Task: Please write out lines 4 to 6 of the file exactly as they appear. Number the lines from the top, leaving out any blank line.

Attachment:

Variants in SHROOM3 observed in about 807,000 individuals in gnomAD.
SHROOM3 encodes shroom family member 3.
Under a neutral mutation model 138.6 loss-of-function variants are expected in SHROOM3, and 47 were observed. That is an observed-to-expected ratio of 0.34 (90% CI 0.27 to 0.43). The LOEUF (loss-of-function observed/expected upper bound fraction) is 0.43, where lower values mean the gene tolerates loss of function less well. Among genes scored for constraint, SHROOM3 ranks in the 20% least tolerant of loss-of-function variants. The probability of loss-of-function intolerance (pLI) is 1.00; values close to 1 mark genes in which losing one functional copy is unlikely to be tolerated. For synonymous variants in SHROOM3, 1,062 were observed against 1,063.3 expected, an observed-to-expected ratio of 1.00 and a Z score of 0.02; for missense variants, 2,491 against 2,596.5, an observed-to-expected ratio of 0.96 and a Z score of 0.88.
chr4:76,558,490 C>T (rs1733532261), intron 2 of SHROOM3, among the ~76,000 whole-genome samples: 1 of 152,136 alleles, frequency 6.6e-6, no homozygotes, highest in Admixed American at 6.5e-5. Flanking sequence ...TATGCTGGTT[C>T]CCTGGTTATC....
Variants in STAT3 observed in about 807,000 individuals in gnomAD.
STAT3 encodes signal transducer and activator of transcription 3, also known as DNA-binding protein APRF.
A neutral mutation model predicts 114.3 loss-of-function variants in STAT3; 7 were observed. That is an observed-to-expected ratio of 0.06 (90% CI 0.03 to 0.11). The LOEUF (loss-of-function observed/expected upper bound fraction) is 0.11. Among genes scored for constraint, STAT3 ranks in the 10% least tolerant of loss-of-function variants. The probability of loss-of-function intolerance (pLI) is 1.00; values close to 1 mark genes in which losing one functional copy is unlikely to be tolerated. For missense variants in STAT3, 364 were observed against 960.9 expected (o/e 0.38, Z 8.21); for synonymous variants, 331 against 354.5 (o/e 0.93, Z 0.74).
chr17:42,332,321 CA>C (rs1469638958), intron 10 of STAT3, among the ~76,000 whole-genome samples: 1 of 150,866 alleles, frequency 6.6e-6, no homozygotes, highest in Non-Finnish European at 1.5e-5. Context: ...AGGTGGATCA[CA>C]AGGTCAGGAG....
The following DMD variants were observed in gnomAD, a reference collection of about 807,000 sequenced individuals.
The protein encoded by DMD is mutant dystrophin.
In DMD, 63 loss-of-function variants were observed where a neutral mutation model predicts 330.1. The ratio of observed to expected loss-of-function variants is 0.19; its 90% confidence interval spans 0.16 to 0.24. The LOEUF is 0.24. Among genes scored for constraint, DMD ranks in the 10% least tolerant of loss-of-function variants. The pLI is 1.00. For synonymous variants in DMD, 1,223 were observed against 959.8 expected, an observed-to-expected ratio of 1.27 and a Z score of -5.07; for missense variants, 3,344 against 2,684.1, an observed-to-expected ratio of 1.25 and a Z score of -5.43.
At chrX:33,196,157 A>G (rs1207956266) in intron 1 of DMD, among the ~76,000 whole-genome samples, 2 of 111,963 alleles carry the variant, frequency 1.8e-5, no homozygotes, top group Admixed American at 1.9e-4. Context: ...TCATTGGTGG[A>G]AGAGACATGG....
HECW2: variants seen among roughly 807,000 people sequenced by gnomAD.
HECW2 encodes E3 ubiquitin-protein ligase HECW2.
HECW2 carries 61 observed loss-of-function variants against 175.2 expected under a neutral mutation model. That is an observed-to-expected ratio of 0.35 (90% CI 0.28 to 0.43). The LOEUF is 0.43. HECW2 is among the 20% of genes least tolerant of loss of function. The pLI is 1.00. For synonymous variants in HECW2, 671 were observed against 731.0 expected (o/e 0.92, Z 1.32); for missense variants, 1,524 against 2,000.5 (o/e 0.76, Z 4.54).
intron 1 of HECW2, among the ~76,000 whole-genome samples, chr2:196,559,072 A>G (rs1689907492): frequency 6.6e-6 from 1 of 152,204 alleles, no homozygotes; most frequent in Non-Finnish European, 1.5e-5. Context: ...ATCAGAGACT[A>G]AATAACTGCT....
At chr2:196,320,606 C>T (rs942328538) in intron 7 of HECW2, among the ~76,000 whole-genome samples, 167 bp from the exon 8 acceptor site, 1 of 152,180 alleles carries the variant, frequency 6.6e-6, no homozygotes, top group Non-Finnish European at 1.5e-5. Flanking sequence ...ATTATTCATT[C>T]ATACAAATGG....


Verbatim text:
chr4:76,558,490 C>T (rs1733532261), intron 2 of SHROOM3, among the ~76,000 whole-genome samples: 1 of 152,136 alleles, frequency 6.6e-6, no homozygotes, highest in Admixed American at 6.5e-5. Flanking sequence ...TATGCTGGTT[C>T]CCTGGTTATC....
Variants in STAT3 observed in about 807,000 individuals in gnomAD.
STAT3 encodes signal transducer and activator of transcription 3, also known as DNA-binding protein APRF.